White House records show 7-hour gap in Trump’s phone calls on Jan. 6, reports say

The gap in President Trump's telephone records are directly at odds with known conversations that he had during the gap with some Republican allies during the Capitol siege, including Sen. Tommy Tuberville of Alabama, Sen. Mike Lee of Utah (pictured) and House Republican leader Kevin McCarthy. Photo by Bonnie Cash/UPI

March 29 (UPI) — Internal White House records from Jan. 6, 2021 — the day a mob of pro-Trump radicals attacked the U.S. Capitol in a bid to subvert the results of the 2020 presidential election — show a gap of more than seven hours in then-President Donald Trump’s phone logs, according to news reports Tuesday.

The White House records, which were recently turned over to the House committee investigating the Jan. 6 attack, show that the gap is seven hours and 37 minutes long.

The gap in Trump’s telephone records is at odds with known conversations that Trump had during the blackout period with some of his Republican allies during the Capitol siege, including Sen. Mike Lee of Utah, House Republican leader Kevin McCarthy, and Sen. Tommy Tuberville of Alabama.

The Washington Post and CBS News reported the gap in Trump’s phone records after receiving copies of the documents.

The records show no notations for any phone calls placed for a total of 457 minutes between 11:17 a.m. and 6:54 p.m., which covers virtually the entire duration of the Capitol attack.

The period of the phone gap followed a fiery speech Trump delivered on the Ellipse on Jan. 6 to a crowd of supporters, at which he urged them to go to the Capitol and “fight like hell.” At the time, the House and Senate were certifying the results of the 2020 election that put Biden in the White House and removed Trump from office.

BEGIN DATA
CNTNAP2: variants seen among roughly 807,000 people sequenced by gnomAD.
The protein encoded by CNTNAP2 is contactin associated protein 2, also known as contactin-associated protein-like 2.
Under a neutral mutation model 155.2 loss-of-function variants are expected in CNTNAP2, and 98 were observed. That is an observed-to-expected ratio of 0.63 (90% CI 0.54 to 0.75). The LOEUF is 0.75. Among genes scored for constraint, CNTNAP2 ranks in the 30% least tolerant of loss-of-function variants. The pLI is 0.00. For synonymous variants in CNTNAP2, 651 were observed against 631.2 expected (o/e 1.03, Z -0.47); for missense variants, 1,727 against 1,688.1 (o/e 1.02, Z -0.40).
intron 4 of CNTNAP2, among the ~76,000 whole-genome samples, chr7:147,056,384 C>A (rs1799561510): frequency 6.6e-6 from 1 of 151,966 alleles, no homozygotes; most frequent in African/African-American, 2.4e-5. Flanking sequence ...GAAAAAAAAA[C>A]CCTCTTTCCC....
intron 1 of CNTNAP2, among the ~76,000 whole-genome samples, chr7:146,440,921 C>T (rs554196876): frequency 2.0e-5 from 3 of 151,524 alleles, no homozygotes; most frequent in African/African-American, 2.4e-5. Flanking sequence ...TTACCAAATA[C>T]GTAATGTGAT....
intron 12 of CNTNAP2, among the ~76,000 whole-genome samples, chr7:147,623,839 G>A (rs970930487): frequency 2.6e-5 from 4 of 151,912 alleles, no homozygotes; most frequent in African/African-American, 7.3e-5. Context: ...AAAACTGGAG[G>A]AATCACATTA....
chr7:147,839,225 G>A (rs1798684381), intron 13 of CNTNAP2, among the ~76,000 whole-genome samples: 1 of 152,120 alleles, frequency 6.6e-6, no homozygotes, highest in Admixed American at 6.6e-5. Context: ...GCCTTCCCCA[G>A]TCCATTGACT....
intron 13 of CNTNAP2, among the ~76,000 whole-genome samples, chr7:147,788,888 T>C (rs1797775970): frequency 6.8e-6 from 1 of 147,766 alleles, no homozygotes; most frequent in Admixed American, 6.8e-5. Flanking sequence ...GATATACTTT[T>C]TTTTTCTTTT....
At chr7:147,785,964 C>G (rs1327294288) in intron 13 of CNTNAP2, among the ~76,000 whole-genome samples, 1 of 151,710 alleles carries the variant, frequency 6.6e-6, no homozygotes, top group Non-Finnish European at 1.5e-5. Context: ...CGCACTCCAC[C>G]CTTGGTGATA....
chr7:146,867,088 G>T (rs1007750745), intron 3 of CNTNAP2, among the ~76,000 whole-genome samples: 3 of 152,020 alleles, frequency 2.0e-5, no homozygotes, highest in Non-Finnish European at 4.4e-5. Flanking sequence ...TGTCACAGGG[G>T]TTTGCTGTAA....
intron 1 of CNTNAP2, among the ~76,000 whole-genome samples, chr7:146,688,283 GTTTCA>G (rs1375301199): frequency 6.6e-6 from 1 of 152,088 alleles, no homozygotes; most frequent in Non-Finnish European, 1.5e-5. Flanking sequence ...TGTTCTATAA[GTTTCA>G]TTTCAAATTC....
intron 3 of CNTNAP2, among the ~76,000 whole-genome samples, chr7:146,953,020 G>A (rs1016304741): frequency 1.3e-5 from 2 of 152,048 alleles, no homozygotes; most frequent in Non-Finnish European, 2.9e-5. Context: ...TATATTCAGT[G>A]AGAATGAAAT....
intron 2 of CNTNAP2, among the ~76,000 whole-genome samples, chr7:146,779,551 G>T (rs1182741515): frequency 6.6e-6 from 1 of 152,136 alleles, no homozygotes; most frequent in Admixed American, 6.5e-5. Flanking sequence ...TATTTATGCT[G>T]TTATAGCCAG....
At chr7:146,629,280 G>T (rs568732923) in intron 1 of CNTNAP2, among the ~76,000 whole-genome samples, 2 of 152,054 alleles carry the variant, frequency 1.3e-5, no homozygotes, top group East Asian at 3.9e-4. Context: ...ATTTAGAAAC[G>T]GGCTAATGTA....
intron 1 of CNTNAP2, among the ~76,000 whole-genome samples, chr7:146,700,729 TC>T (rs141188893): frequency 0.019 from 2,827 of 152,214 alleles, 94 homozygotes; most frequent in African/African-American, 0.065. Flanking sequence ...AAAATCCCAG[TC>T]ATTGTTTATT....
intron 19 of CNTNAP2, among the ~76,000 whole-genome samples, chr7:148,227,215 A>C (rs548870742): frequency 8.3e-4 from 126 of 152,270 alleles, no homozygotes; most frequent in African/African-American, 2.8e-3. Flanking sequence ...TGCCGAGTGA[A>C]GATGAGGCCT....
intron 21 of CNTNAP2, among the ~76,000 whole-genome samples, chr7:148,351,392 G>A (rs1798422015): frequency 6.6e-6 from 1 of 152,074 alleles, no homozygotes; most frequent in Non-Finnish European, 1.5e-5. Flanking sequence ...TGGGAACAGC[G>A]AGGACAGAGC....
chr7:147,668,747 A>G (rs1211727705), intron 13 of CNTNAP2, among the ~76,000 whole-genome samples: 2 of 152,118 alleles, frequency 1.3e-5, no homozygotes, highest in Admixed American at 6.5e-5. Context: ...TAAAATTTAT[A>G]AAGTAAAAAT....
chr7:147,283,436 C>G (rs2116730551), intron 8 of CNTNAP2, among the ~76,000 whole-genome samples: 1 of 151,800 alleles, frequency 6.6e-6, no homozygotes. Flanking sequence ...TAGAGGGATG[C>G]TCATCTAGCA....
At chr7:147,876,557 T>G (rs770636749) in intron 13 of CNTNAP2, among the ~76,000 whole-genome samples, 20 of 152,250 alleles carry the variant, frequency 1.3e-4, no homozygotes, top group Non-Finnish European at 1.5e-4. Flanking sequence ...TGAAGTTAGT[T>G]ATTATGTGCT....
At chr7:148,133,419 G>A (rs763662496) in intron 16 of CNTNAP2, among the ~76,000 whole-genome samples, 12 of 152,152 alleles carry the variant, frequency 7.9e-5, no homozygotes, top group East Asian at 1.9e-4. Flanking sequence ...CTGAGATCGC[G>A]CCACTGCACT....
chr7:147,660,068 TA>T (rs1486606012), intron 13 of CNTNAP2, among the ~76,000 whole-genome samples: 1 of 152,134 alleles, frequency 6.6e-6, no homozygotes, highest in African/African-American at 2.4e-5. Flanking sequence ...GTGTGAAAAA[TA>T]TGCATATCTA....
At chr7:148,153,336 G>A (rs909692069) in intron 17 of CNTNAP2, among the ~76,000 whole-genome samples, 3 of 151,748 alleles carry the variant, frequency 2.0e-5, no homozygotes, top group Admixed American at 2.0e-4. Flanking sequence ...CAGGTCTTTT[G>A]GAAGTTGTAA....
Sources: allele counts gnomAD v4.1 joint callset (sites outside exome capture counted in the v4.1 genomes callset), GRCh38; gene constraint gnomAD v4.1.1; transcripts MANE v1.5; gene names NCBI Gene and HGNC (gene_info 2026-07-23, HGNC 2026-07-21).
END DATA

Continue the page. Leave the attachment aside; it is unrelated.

Not long after Trump and others finished speaking at their “Save America” rally, many of their supporters marched down the street, fought with police and broke into the Capitol building in a bid to stop Congress from certifying the 81 million votes that propelled Biden to victory.

The records show that Trump was active on the phone both before and after the seven-hour gap. He’d spoken to eight people in the morning and nearly a dozen people in the evening, CBS News and the Post reported.

According to the Post report, one lawmaker on the committee said it’s investigating a possible “coverup” of the official White House record from that day — and another source said the gap in phone calls is of “intense interest” to some on the committee. Both spoke anonymously to the outlets because they weren’t authorized to talk about the details.

The 11 pages of White House records that show the extended gap were turned over to the House committee by the National Archives earlier this year. The National Archives is tasked with cataloging and maintaining all records from past presidential administrations.

The House Jan. 6 committee, which has been investigating the attack for about a year, is trying to determine whether Trump also may have used other phones during the period of the gap — such as aides’ phones or disposable cellphones, known as “burner phones.”

A Trump spokeswoman said the former president has no control over how the records were kept and assumed all of his calls were recorded and preserved.

The records did show that Steve Bannon, Trump’s former strategist, talked with the then-president twice on the morning of Jan. 6. Bannon said on his Jan. 5 podcast that “all hell is going to break loose tomorrow,” according to CBS News and The Washington Post.

The White House records show that President Trump was active on the phone on January 6, 2021, both before and after the seven-hour gap. He’d spoken to eight people in the morning and nearly a dozen people in the evening, news reports said Tuesday. File Photo by Aude Guerrucci/UPI

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